In some embodiments, each node in the family tree is tagged (820) with at least one of a user name and a time indicator (e.g., a date/time stamp). For example, metadata structure 510, in FIG. 5B, corresponds to metadata structure 504-b in FIG. 5A and includes author field 514 with the identifier, name, or handle associated with the creator/author of metadata structure 510 and date/time field 516 with a date and/or time stamp associated with generation of metadata structure 510.

In some embodiments, each media item and metadata field in the metadata structure corresponding to the media item is tagged with at least one of a user name and a time indicator. In this way, an attribution history may be stored and displayed to users for the purposes of entertainment, community building, copyright attribution, monetization, advertising, or other reasons. For example, user A added a first effect to a media item and during a subsequent modification of the media item, user B added a second effect to the media item. In this example, with respect to the modified media item, the first effect is attributed to user A and the second effect is attributed to user B. Continuing with this example, in some embodiments, user A and user B share in the advertising revenue generated from users watching the modified media item.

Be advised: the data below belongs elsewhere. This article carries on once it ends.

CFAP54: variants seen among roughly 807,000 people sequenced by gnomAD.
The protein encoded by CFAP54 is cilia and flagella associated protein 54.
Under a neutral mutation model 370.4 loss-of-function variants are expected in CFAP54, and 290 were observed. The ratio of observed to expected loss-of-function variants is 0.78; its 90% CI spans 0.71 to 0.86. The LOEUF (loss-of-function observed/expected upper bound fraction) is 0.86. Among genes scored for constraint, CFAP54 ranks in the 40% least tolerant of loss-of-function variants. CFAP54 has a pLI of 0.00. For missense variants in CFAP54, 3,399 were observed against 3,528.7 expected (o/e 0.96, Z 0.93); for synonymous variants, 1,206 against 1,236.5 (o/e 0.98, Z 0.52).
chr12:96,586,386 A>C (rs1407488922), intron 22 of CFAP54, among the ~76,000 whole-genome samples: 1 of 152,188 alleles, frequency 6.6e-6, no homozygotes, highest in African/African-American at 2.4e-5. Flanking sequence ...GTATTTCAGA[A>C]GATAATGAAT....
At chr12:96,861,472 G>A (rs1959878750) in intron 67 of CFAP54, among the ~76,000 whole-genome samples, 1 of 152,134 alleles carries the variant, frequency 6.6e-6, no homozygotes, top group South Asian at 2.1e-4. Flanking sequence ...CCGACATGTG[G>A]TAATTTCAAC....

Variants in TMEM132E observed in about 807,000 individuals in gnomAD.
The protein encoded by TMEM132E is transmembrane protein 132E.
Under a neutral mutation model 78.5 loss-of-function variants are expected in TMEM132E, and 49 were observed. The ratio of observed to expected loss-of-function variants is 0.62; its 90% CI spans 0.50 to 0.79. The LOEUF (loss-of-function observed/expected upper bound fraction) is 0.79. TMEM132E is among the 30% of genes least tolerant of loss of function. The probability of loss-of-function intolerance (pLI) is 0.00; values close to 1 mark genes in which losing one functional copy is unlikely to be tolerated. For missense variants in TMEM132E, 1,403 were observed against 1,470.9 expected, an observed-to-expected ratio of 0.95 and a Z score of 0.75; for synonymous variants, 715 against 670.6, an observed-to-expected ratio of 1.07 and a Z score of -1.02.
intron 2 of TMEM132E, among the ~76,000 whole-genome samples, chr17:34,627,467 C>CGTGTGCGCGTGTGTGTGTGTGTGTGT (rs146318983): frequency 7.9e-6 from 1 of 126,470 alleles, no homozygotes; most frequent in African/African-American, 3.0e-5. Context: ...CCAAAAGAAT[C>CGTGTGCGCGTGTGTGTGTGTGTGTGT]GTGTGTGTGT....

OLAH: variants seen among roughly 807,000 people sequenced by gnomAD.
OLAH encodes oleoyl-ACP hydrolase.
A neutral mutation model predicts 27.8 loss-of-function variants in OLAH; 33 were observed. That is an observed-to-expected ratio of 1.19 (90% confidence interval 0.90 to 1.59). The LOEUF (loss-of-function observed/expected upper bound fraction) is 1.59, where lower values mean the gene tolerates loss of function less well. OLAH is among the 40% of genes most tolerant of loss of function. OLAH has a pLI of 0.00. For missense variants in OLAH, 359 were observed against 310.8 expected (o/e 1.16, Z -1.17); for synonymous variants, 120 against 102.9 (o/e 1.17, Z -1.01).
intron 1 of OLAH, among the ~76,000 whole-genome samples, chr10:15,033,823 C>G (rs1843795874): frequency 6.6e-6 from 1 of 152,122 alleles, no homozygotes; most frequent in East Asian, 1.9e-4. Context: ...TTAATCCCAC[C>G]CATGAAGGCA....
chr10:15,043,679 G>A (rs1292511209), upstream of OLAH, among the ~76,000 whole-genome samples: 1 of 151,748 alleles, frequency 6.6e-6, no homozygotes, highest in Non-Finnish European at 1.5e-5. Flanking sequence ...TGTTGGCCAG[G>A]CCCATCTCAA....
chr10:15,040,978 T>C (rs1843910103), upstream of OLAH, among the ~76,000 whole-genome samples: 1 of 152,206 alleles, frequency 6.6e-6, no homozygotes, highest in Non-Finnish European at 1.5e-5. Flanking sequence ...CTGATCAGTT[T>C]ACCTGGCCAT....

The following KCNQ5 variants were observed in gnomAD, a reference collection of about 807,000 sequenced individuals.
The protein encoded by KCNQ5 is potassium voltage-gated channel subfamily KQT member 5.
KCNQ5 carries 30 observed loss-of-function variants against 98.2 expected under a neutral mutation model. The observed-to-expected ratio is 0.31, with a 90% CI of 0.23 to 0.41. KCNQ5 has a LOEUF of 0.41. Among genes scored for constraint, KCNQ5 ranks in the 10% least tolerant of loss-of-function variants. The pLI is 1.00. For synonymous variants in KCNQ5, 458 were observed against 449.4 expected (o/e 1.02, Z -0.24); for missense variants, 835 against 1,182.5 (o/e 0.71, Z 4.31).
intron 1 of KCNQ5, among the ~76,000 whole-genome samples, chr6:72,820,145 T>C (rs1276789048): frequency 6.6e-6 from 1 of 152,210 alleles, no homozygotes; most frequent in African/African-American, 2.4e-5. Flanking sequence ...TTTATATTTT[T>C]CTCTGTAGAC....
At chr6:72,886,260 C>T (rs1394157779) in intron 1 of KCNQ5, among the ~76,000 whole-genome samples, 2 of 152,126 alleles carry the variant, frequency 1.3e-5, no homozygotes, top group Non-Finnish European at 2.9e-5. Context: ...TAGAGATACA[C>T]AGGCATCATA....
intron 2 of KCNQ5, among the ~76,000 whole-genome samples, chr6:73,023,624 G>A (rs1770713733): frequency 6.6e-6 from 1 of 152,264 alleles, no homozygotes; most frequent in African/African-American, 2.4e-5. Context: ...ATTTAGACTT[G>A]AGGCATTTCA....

In some embodiments, the nodes of the family tree are configured to provide (822) a user of the client device with an immutable modification facility. For example, a new node may be generated from any of the nodes in the family without modifying the pre-existing nodes in the family tree. In this way, the family tree forms an immutable graph of modifications to the root media item. For example, a user may start at a leaf node in a family tree and undo modifications until the user is back to the genesis node in the family tree.